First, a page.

01. Wind Up Workin' In A... (2:29)
02. Black Napkins (4:15)
03. The Torture Never Stops (9:45)
04. Ms. Pinky (3:40)
05. Find Her Finer (4:07)
06. Friendly Little Finger (4:17)
07. Wonderful Wino (3:38)
08. Zoot Allures (4:12)
09. Disco Boy (5:09)
- Frank Zappa / guitar, bass, synth, lead-vocal
- Terry Bozzio / drums
- Davey Moire / vocals on "Wind up." and "Disco Boy"
- Andre Lewis / organ, vocals on "Black Napkins" and "Disco Boy"
- Roy Estrada / bass, vocals on "Black Napkins", "Ms.Pinky", "Find Her Finer", "Disco Boy"
- Napoleon Murphy Brock / sax, vocal on "Black Napkins"
- Ruth Underwood / synth on "Ms. Pinky", marimba & synth on "Friendly Little Finger" and "Zoot Allures"
- Donnie Vliet / harmonica on "Find Her Finer"
- Ruben Ladron de Guevara / background vocal on "Find Her Finer"
- Dave Parlato / bass on "Zoot Allures"
- Lu Ann Neil / harp on "Zoot Allures"
- Sharkie Barker / background vocal on "Disco Boy"
The album opens with the short and concise Wind Up Workin' in a Gas Station, which is a humorous piece with some great vocals and rhythmic work. Next up is the superb instrumental Black Napkins, which would become one of Zappa's most popular guitar solo instrumentals (with Watermelon in Easter Hay being another one, for example). It has a superb main theme from the guitar as well as some great work from Bozzio on the drums. The Torture Never Stops would become another Zappa live favorite and would eventually get a reworking as The Torchum Never Stops on the colossal disappointment that was Thing-Fish. This version, though, while great and fun, doesn't really match up to the numerous live incarnations there are of it (which is benefitted by an extended solo section that is a highlight of Zappa's incredible guitar stylings). Despite that, though, there are some humourous lyrics and a nice overall feel (which is desolate and full of isolation to say the least).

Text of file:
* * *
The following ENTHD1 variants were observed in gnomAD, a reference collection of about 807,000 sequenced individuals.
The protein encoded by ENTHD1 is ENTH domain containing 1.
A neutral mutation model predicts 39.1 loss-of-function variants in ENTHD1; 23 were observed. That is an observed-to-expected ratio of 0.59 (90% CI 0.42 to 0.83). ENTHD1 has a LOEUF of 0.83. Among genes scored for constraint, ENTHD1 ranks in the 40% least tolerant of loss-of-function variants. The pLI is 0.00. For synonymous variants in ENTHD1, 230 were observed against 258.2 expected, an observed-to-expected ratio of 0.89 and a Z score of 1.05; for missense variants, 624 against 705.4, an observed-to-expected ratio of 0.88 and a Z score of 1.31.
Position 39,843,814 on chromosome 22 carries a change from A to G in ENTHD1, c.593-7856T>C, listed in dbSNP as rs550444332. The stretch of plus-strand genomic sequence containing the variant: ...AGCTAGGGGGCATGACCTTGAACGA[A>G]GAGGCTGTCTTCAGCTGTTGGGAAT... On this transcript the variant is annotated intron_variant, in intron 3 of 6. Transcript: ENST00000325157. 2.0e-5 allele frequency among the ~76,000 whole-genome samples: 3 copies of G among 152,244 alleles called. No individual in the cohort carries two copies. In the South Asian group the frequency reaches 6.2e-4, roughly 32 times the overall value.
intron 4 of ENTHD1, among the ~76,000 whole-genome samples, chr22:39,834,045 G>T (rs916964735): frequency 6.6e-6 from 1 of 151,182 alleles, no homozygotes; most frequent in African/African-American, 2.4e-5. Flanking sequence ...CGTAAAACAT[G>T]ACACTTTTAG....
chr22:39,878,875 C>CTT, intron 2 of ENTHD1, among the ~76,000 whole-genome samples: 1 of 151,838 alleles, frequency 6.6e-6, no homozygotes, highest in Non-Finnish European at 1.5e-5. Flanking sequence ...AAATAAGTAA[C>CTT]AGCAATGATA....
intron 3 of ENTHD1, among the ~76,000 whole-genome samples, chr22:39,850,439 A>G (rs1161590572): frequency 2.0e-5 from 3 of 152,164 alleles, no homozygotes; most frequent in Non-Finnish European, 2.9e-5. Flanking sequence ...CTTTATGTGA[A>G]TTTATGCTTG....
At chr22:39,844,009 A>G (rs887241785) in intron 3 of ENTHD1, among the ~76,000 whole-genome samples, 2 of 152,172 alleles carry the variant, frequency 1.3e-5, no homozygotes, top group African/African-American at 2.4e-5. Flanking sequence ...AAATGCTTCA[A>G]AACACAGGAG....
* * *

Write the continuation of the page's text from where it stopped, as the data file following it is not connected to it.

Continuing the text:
Ms. Pinky is a song about a very special girl (and her "sister" would get a cameo in the film Baby Snakes as the blow up doll used in many various encounters with Roy Estrada). It's a fun and harmless piece that has some fun backing vocals from Estrada and some nice synthesizer work from Ruth Underwood. Find Her Finer is another fun piece with a nice overall feel and riff to it as well as some humorous lyrics and vocals from Zappa (and like The Torture Never Stops would get live versions that would surpass the studio version). Friendly Little Finger and Wonderful Wino are more or less throwaway pieces and are pretty forgettable, but they aren't really that bad and they add a bit more to the humor of the album. Zoot Allures is revered as one of the best Zappa instrumentals ever. The catchy main riff and the great breakdown solo sections are perfect for a studio piece (and it's not too long and to the point), and like a few other tracks on the album is a better song live. The closer of the album is Disco Boy, Zappa's stab at the disco culture. It has a bluesy guitar riff and some nice bass synthesizer notes as well as some humorous lyrics and laidback vocals from Zappa. And like three other tracks that I mentioned earlier, the live version of this song found on the Baby Snakes soundtrack is a lot better, although I'm quite fond of this version of it, as it is more raw.
In the end, Zoot Allures or Night of the Iron Sausage, whatever you want to call it, is one of the better mid/late 70s Zappa experiments and has some essential tracks on it for all Zappa fans. While it's not his best album, it certainly was a great listen and I think any fan of guitar oriented rock and some great avant-garde stylings will find comfort in this album.
The track "The Torture Never Stops" is the Zappa vocal, studio version. (Not the Vliet vocal - sometimes credited in parenthesis as [Original Version]).
The Japanese hanko (seal or stamp) on the front cover, ??, can be read as "Za-pa"; the characters used translate as "Miscellaneous Leaves". The back cover features ?????, which can be read phonetically as "Fu-ran-ku-zap-pa"; the translation of these characters is non-sensical, rendering "Not" "Turbulent" "Distress" "Miscellaneous" "Faction", which could be interpreted as "An easy-going band/group."
The track "Black Napkins" featured in the 2007 film "Things We Lost In The Fire".
Summary: The original vinyl is generally considered to be superior to the Old Masters LP (which utilized a partially reverb-soaked digital master, one which also trimmed the intro to "Disco Boy") and all pre-2012 CDs (which are made from a potentially be-futzed-with version of the Old Masters transfer). The 2012 CD reverts to the dry vinyl version and is Swell.